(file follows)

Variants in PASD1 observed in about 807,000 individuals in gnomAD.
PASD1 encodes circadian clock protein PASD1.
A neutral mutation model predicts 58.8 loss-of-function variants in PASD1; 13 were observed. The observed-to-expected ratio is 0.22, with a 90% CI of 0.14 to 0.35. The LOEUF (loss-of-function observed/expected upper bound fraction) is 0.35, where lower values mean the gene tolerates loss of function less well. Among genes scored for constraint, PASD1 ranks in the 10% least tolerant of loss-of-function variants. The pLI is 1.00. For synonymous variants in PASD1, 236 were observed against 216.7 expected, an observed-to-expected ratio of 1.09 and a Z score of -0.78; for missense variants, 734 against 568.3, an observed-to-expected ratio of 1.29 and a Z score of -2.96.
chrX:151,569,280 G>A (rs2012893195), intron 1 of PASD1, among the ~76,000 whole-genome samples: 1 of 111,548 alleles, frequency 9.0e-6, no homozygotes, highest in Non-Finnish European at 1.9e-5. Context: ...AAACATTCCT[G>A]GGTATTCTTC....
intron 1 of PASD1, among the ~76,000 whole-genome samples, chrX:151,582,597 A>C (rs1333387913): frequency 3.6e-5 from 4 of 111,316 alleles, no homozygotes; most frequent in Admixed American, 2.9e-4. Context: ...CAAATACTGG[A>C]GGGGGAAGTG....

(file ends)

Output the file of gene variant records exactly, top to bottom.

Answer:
Variants in PASD1 observed in about 807,000 individuals in gnomAD.
PASD1 encodes circadian clock protein PASD1.
A neutral mutation model predicts 58.8 loss-of-function variants in PASD1; 13 were observed. The observed-to-expected ratio is 0.22, with a 90% CI of 0.14 to 0.35. The LOEUF (loss-of-function observed/expected upper bound fraction) is 0.35, where lower values mean the gene tolerates loss of function less well. Among genes scored for constraint, PASD1 ranks in the 10% least tolerant of loss-of-function variants. The pLI is 1.00. For synonymous variants in PASD1, 236 were observed against 216.7 expected, an observed-to-expected ratio of 1.09 and a Z score of -0.78; for missense variants, 734 against 568.3, an observed-to-expected ratio of 1.29 and a Z score of -2.96.
chrX:151,569,280 G>A (rs2012893195), intron 1 of PASD1, among the ~76,000 whole-genome samples: 1 of 111,548 alleles, frequency 9.0e-6, no homozygotes, highest in Non-Finnish European at 1.9e-5. Context: ...AAACATTCCT[G>A]GGTATTCTTC....
intron 1 of PASD1, among the ~76,000 whole-genome samples, chrX:151,582,597 A>C (rs1333387913): frequency 3.6e-5 from 4 of 111,316 alleles, no homozygotes; most frequent in Admixed American, 2.9e-4. Context: ...CAAATACTGG[A>C]GGGGGAAGTG....